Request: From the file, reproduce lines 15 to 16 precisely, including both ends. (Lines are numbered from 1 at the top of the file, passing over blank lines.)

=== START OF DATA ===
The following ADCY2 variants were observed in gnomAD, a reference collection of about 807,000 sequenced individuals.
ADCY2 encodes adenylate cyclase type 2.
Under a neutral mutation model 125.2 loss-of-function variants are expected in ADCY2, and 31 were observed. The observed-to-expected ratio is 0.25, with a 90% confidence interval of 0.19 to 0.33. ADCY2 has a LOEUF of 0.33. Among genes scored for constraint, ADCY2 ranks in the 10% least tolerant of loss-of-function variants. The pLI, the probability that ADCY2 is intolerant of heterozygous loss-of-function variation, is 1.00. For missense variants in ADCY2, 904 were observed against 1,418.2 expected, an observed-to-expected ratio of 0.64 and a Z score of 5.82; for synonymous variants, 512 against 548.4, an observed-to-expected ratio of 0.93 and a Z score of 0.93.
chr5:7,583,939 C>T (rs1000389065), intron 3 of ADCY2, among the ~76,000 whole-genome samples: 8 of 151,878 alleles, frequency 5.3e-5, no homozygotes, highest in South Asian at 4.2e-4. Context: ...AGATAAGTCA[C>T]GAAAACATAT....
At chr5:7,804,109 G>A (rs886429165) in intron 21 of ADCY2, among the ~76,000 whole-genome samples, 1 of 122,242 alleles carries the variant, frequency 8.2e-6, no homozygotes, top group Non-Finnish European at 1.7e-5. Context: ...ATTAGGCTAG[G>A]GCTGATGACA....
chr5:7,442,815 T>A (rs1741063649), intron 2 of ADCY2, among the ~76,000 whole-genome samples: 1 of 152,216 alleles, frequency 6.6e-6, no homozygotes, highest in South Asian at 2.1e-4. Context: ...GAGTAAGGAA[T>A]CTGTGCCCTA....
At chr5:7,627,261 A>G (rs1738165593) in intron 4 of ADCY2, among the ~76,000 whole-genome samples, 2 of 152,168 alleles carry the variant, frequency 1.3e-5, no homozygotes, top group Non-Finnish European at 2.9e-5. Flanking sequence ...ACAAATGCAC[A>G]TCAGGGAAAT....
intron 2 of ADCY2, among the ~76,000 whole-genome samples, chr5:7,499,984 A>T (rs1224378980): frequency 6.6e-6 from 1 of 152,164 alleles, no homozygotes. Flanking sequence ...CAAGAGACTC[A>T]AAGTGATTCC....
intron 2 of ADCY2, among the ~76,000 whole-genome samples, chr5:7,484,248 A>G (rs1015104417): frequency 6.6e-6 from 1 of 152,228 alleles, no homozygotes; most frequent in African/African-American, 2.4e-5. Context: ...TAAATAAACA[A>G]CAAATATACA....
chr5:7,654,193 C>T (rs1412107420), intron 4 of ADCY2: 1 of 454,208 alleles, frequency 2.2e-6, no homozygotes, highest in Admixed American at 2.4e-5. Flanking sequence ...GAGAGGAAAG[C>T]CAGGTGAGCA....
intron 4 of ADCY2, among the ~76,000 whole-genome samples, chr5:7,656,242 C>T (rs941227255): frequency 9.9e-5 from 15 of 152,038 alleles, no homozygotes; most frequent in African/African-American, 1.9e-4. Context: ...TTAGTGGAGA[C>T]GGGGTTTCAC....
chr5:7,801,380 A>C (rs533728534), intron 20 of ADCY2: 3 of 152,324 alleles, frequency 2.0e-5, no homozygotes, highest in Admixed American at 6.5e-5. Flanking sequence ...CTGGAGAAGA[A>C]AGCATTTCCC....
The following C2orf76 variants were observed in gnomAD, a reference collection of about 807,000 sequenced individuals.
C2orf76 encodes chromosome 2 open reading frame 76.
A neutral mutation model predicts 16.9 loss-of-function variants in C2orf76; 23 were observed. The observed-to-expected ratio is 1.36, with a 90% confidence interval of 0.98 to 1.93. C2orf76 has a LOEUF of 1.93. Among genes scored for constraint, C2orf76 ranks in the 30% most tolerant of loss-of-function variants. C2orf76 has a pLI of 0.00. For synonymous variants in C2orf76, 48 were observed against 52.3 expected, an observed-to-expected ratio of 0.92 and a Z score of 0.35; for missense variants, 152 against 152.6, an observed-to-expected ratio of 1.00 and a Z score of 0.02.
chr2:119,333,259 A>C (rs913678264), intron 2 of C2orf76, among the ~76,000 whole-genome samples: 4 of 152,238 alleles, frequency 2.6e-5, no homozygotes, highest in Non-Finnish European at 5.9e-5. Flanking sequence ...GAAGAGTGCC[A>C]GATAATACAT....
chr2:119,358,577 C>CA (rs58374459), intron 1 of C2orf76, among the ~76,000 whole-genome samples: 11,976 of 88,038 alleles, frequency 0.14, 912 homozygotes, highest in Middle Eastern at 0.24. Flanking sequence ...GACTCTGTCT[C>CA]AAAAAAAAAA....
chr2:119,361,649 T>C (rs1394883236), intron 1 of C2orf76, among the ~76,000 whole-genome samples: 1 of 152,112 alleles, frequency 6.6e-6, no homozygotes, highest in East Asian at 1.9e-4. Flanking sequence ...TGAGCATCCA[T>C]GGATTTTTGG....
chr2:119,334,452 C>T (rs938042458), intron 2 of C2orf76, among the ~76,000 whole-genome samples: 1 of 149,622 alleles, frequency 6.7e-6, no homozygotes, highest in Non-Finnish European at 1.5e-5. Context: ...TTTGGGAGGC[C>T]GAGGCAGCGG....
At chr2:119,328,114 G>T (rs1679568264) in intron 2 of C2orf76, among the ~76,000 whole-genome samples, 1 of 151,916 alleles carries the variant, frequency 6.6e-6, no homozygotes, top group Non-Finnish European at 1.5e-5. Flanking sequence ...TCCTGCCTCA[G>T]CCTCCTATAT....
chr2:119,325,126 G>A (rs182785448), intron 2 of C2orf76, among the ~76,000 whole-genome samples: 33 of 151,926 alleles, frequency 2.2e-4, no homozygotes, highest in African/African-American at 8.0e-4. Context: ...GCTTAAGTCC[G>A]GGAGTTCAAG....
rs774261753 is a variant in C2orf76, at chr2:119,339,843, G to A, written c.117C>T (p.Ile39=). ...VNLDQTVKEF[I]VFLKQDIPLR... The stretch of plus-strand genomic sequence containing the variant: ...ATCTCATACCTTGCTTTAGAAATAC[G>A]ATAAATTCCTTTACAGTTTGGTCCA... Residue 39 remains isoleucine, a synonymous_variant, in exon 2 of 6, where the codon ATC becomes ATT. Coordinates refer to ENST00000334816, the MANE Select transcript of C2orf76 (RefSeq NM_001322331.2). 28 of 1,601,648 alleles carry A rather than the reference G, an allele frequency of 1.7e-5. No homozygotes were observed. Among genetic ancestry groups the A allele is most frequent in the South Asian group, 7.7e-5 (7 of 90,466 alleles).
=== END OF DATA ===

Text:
A neutral mutation model predicts 16.9 loss-of-function variants in C2orf76; 23 were observed. The observed-to-expected ratio is 1.36, with a 90% confidence interval of 0.98 to 1.93. C2orf76 has a LOEUF of 1.93. Among genes scored for constraint, C2orf76 ranks in the 30% most tolerant of loss-of-function variants. C2orf76 has a pLI of 0.00. For synonymous variants in C2orf76, 48 were observed against 52.3 expected, an observed-to-expected ratio of 0.92 and a Z score of 0.35; for missense variants, 152 against 152.6, an observed-to-expected ratio of 1.00 and a Z score of 0.02.
chr2:119,333,259 A>C (rs913678264), intron 2 of C2orf76, among the ~76,000 whole-genome samples: 4 of 152,238 alleles, frequency 2.6e-5, no homozygotes, highest in Non-Finnish European at 5.9e-5. Flanking sequence ...GAAGAGTGCC[A>C]GATAATACAT....